As the market continues to demand the latest audio technology—including home theaters, streaming audio, and smart speakers—users also demand higher sound quality.
Eastman offers durable and sustainable plastics that help preserve sound quality by improving audio performance.
Enhance audio performance in devices
- Reduce resonance of cabinets and enclosures that can degrade the listening experience.
- Improve active noise cancellation.
- Prevent feedback and feed-forward systems from going unstable by reducing housing resonance and interference.
Reduce load on digital signal processing (DSP)
- Reduce computational load by removing resonances, leading to longer battery life.
- Reduce computing power of PCB to mitigate cost.
- Increase efficiency of speaker/microphone systems by reducing echo.
- Allow higher SPL of speaker systems that incorporate microphones by reducing echo and reverberation.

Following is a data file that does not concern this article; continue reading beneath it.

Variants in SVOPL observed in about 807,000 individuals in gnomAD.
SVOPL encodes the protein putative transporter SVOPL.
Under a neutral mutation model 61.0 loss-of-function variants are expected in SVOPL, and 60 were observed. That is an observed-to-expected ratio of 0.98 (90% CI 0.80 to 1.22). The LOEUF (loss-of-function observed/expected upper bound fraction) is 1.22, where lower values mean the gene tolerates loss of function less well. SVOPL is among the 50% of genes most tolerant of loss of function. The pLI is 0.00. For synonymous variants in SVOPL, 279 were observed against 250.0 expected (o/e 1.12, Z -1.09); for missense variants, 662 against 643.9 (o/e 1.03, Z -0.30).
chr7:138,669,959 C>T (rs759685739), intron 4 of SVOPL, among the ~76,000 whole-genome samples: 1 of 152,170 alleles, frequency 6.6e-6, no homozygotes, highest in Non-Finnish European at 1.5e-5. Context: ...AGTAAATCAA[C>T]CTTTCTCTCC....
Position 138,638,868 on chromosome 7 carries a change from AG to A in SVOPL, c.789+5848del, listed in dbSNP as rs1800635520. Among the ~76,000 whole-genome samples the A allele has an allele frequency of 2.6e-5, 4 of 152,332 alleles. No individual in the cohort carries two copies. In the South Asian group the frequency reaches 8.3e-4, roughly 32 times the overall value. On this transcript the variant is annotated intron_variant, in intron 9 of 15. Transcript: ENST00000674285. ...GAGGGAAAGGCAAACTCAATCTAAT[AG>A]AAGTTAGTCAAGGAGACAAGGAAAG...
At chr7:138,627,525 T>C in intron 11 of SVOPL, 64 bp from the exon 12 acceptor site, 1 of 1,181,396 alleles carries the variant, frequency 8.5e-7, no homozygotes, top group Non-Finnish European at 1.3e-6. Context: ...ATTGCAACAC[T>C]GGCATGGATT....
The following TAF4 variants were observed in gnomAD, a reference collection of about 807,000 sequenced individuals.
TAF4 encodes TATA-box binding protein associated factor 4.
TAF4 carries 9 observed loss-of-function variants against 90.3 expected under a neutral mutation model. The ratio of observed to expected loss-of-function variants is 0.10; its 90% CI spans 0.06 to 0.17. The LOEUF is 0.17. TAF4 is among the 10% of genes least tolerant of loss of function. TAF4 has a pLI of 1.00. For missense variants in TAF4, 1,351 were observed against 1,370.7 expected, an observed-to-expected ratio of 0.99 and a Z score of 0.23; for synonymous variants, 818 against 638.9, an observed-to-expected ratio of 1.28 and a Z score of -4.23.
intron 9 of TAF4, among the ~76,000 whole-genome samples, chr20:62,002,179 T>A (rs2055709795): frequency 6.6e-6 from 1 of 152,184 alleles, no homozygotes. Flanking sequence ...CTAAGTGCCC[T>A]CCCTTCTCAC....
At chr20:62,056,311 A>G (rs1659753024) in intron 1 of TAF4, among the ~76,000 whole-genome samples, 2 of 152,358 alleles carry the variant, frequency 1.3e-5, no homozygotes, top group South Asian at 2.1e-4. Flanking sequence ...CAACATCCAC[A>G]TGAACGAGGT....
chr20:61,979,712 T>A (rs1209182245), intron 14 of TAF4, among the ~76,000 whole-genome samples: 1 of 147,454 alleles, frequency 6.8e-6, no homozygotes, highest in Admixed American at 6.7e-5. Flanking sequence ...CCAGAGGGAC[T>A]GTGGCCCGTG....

Eastman Tritan™ copolyester and Eastman Trēva™ engineering bioplastics (cellulosics) also provide great aesthetics, durability, and other advantages to enhance the user experience.
- Proven in wearables as well as portable and stationary devices
- Excellent impact strength and flex fatigue resistance
- Excellent chemical resistance (including body oils, hygienic cleaners, and cosmetics)
- Design flexibility offers—excellent secondary operations characteristics.
- Prop 65– compliant plastic
- The first engineering bioplastic
- Cellulose- based from sustainably- harvested forests
- Reduced environmental impact
- Excellent chemical resistance
- Excellent flow characteristics are—ideal for complicated or thin-walled designs.
- Prop 65–compliant plastic
- Presents opportunities for differentiating products based on sustainability and environmental messaging
How do you compare plastics for audio devices?
Eastman is a leader in testing for vibration damping in appliances and other industries. We have applied this expertise to evaluate the impact of device housing materials on audio performance in four areas:
- Compare vibration damping and frequency response function.
- Compare cumulative spectral decay (CSD) in fully molded devices.
- Compare total harmonic distortion (THD) in these devices.
- Compare subjective responses from a panel of expert listeners.
Eastman presented the results of this testing in a white paper and recent webinar.